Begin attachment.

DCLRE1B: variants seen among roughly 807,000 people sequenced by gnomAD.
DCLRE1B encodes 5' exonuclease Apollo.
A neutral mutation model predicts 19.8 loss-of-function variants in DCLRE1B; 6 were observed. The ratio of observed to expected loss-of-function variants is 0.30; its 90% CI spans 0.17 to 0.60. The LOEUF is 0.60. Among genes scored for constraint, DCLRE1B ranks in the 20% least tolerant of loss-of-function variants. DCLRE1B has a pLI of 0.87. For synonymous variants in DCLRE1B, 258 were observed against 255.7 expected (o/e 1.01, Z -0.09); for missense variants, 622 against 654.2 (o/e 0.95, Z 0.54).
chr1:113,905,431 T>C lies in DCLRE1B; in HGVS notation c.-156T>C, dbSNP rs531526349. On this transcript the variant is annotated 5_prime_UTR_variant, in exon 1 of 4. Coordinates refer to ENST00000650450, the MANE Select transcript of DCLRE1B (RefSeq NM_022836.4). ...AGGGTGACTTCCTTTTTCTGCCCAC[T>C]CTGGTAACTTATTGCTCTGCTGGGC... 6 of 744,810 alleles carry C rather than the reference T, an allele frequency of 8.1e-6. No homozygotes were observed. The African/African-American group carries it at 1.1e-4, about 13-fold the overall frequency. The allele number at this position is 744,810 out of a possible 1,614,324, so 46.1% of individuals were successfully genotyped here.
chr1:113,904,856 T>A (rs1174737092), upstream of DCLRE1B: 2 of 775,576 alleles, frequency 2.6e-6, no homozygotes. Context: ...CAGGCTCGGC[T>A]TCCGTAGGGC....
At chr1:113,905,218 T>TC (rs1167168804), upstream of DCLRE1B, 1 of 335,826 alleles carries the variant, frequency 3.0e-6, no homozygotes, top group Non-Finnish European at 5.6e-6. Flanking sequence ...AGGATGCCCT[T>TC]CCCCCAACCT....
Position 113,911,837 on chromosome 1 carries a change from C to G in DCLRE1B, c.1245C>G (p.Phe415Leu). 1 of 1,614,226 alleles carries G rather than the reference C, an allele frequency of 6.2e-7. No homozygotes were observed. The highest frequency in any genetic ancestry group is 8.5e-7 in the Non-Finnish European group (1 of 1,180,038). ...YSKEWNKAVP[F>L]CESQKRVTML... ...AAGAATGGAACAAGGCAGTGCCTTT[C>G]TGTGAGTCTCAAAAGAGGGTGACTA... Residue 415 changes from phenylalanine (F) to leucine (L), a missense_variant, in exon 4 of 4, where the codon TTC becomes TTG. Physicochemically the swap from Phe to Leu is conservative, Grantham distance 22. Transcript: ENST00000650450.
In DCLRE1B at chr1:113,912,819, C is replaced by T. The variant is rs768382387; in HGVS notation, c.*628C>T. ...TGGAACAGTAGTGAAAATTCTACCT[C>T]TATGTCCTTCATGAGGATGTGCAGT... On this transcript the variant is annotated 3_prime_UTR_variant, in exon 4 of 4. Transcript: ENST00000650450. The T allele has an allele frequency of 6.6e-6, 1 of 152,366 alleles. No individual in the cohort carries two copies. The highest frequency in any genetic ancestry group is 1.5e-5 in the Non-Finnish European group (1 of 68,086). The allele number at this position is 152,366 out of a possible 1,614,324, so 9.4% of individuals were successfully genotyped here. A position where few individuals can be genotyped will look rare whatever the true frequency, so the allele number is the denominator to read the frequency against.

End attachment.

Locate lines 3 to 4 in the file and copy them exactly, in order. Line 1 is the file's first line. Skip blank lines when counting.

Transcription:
A neutral mutation model predicts 19.8 loss-of-function variants in DCLRE1B; 6 were observed. The ratio of observed to expected loss-of-function variants is 0.30; its 90% CI spans 0.17 to 0.60. The LOEUF is 0.60. Among genes scored for constraint, DCLRE1B ranks in the 20% least tolerant of loss-of-function variants. DCLRE1B has a pLI of 0.87. For synonymous variants in DCLRE1B, 258 were observed against 255.7 expected (o/e 1.01, Z -0.09); for missense variants, 622 against 654.2 (o/e 0.95, Z 0.54).
chr1:113,905,431 T>C lies in DCLRE1B; in HGVS notation c.-156T>C, dbSNP rs531526349. On this transcript the variant is annotated 5_prime_UTR_variant, in exon 1 of 4. Coordinates refer to ENST00000650450, the MANE Select transcript of DCLRE1B (RefSeq NM_022836.4). ...AGGGTGACTTCCTTTTTCTGCCCAC[T>C]CTGGTAACTTATTGCTCTGCTGGGC... 6 of 744,810 alleles carry C rather than the reference T, an allele frequency of 8.1e-6. No homozygotes were observed. The African/African-American group carries it at 1.1e-4, about 13-fold the overall frequency. The allele number at this position is 744,810 out of a possible 1,614,324, so 46.1% of individuals were successfully genotyped here.